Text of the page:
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OKLAHOMA CITY (KFOR) – A new chapter is unfolding in the turmoil over expanding Oklahoma’s turnpikes, as the Oklahoma Turnpike Authority approved a new way to possibly pay for part of the project Thursday. A special meeting was held as the plans are currently tied up in a lawsuit.

Protesters expressed dissatisfaction at the OTA meeting in Oklahoma City as their fight continues to stop the proposed turnpike along Indian Hills Road that would connect Newcastle to Norman and potentially displace hundreds of homes.

A lawsuit filed by Pike Off OTA, calling the turnpike unlawful, was a major reason for the special meeting being called.

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Community members protesting the proposed turnpike expansion. Image KFOR

Thursday, OTA approved to change how they’ll finance Access Oklahoma projects by authorizing the termination of a $200 million line of credit and instead issuing $1 billion in revenue bonds.

“The litigation impacted our ability to use the line of credit,” said OTA Executive Director Tim Gatz.

He explained that they also got approval to direct an application to the Oklahoma Supreme Court for validation of the bonds to be issued. Gatz said Supreme Court validation is important.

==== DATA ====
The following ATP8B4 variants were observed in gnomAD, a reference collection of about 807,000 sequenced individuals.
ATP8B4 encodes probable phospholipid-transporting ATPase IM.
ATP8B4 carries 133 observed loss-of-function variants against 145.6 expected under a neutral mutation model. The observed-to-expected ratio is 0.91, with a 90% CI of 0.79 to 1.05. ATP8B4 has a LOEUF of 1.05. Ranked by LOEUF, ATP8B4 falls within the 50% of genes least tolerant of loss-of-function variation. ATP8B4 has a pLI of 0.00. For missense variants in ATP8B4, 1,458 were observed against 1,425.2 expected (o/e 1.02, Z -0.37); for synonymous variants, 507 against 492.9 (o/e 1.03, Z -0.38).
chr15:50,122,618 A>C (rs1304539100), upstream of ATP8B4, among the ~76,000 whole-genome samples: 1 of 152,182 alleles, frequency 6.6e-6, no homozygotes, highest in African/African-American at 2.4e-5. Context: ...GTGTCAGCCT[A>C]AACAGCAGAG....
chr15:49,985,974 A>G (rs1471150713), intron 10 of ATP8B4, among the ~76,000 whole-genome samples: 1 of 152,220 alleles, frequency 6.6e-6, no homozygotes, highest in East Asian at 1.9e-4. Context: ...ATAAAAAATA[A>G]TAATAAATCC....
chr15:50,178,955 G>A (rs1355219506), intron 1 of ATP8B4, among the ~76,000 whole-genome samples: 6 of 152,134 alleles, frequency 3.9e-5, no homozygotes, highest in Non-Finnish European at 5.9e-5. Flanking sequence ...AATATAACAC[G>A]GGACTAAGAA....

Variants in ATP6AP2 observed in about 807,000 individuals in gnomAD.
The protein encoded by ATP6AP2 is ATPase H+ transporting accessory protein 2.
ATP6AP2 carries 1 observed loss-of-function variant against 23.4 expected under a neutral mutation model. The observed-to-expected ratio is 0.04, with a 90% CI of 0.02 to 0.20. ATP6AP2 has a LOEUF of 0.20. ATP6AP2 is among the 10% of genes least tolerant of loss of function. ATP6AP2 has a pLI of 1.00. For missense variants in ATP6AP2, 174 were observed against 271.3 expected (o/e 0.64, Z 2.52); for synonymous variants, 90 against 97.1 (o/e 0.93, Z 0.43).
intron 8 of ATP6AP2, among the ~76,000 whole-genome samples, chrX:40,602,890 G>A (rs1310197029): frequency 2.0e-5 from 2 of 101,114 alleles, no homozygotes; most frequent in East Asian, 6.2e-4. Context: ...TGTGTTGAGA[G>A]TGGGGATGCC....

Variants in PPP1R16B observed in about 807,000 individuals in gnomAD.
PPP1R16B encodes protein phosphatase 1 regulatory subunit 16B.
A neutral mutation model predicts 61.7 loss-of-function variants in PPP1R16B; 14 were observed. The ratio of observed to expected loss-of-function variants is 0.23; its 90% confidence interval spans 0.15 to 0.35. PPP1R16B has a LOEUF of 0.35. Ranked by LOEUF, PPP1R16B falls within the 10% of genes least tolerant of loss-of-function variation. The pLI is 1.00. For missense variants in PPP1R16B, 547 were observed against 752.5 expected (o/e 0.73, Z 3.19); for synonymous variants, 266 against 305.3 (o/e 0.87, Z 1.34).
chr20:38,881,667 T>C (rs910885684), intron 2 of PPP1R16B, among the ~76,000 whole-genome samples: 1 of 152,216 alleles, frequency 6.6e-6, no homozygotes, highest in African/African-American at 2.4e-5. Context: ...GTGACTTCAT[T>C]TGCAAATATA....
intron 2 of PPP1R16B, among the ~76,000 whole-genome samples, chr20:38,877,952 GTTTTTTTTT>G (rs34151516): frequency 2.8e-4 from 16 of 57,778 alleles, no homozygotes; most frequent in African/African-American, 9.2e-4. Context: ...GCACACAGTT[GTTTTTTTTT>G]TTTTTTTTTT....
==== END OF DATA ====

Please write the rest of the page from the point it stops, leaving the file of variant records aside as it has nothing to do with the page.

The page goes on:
“I think it answers one of the questions that’s in the litigation, which is whether or not the routes are valid,” he said. “We’re not sidestepping or going around anything. We’re actually moving quicker towards the resolution of it so everyone’s got certainty.”

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The scene at an Oklahoma Turnpike Authority meeting on the proposed turnpike expansion. Image KFOR

Pike Off OTA members are still holding on to hope that they can stop the turnpike’s construction.

“They’re moving faster than they’ve ever moved before because they’re panicked,” said board member Amy Cerato. “They know Pike Off OTA’s lawsuit is valid. They think that if they can steamroll the citizens and get all the money they need and get the engineering firms on board, that no one will have the guts to stop them.”

Gatz says the next step for this financing shift is to take their bond application before the council of bond oversight, which will likely happen next month. They have no timeline of when the Supreme Court could give its approval.

Thursday, the OTA board also approved toll rates for I-44/H.E. Bailey Turnpike for its conversion to PlatePay – cashless tolling. The approval, expedited after a Friday overnight crash at the Newcastle toll plaza, will allow OTA to convert the H.E. Bailey turnpike between Oklahoma City and Lawton to PlatePay in late June, about five weeks in advance of the originally planned conversion.